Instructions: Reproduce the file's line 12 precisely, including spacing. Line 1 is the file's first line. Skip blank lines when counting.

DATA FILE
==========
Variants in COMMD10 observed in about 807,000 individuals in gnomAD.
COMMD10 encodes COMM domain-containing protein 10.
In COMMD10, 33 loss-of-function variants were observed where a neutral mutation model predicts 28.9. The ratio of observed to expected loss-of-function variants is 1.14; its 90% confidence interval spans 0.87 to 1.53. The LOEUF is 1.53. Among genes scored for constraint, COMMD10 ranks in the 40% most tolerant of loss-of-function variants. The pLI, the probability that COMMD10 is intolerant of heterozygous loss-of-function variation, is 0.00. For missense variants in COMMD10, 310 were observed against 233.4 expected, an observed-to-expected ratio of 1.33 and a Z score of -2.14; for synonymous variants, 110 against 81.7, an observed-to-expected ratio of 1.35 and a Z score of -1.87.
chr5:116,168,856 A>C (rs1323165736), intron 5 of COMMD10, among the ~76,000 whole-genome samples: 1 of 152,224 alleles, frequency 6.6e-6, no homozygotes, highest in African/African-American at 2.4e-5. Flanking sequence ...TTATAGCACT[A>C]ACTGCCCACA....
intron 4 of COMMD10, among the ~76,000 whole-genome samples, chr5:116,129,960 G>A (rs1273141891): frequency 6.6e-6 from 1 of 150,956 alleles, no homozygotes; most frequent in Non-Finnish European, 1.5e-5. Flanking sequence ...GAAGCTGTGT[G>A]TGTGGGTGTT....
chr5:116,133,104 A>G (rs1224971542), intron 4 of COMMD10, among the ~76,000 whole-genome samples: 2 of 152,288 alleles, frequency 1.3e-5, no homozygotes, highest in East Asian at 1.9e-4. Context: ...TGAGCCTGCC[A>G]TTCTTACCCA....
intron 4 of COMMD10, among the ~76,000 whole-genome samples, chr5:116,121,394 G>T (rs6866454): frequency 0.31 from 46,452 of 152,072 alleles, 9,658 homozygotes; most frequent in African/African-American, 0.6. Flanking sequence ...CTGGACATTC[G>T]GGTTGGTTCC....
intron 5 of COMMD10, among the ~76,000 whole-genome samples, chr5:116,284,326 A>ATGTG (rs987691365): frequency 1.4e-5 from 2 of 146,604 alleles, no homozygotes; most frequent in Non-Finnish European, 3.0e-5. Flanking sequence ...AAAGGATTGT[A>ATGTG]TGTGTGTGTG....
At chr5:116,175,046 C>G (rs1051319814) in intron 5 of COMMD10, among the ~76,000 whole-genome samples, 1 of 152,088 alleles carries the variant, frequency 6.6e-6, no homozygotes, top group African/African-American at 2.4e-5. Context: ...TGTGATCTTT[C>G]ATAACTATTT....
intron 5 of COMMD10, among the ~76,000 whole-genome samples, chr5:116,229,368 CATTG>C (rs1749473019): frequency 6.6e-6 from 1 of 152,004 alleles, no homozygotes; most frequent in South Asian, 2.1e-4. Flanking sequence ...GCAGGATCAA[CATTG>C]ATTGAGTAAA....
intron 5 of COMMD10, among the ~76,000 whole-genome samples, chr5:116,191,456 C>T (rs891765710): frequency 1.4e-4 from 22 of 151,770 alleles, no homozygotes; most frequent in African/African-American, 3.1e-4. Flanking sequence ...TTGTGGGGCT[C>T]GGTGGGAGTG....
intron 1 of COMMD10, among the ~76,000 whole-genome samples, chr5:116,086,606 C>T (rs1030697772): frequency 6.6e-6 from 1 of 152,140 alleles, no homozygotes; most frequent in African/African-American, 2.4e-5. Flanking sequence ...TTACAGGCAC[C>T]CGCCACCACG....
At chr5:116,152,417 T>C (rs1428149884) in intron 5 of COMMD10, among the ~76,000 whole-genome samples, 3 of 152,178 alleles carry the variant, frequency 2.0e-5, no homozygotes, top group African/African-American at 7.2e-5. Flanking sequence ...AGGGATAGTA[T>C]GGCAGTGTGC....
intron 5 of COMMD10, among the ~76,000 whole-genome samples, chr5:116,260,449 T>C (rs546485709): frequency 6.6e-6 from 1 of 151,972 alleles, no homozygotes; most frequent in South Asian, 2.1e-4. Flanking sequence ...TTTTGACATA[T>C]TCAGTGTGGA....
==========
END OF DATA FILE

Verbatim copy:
intron 1 of COMMD10, among the ~76,000 whole-genome samples, chr5:116,086,606 C>T (rs1030697772): frequency 6.6e-6 from 1 of 152,140 alleles, no homozygotes; most frequent in African/African-American, 2.4e-5. Flanking sequence ...TTACAGGCAC[C>T]CGCCACCACG....